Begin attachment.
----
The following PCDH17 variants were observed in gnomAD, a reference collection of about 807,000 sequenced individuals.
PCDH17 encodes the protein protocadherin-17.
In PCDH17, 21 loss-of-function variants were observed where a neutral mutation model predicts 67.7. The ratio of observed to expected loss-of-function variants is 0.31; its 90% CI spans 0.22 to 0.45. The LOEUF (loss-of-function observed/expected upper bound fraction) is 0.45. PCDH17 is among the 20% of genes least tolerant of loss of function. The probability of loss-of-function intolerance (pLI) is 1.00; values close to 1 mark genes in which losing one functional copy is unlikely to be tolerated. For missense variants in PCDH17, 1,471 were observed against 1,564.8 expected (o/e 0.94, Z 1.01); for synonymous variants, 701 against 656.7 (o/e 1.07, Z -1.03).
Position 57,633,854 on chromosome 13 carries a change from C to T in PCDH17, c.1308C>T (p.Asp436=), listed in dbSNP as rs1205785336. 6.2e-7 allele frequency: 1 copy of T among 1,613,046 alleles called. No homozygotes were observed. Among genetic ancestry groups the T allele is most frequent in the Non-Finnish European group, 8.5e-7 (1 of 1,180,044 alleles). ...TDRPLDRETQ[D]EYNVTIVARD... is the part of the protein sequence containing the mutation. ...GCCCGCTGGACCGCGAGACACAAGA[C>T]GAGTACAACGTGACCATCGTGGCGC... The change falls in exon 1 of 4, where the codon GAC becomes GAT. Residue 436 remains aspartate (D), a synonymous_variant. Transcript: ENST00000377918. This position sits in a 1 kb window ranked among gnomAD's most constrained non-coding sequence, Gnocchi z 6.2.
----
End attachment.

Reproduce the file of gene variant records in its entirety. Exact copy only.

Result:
The following PCDH17 variants were observed in gnomAD, a reference collection of about 807,000 sequenced individuals.
PCDH17 encodes the protein protocadherin-17.
In PCDH17, 21 loss-of-function variants were observed where a neutral mutation model predicts 67.7. The ratio of observed to expected loss-of-function variants is 0.31; its 90% CI spans 0.22 to 0.45. The LOEUF (loss-of-function observed/expected upper bound fraction) is 0.45. PCDH17 is among the 20% of genes least tolerant of loss of function. The probability of loss-of-function intolerance (pLI) is 1.00; values close to 1 mark genes in which losing one functional copy is unlikely to be tolerated. For missense variants in PCDH17, 1,471 were observed against 1,564.8 expected (o/e 0.94, Z 1.01); for synonymous variants, 701 against 656.7 (o/e 1.07, Z -1.03).
Position 57,633,854 on chromosome 13 carries a change from C to T in PCDH17, c.1308C>T (p.Asp436=), listed in dbSNP as rs1205785336. 6.2e-7 allele frequency: 1 copy of T among 1,613,046 alleles called. No homozygotes were observed. Among genetic ancestry groups the T allele is most frequent in the Non-Finnish European group, 8.5e-7 (1 of 1,180,044 alleles). ...TDRPLDRETQ[D]EYNVTIVARD... is the part of the protein sequence containing the mutation. ...GCCCGCTGGACCGCGAGACACAAGA[C>T]GAGTACAACGTGACCATCGTGGCGC... The change falls in exon 1 of 4, where the codon GAC becomes GAT. Residue 436 remains aspartate (D), a synonymous_variant. Transcript: ENST00000377918. This position sits in a 1 kb window ranked among gnomAD's most constrained non-coding sequence, Gnocchi z 6.2.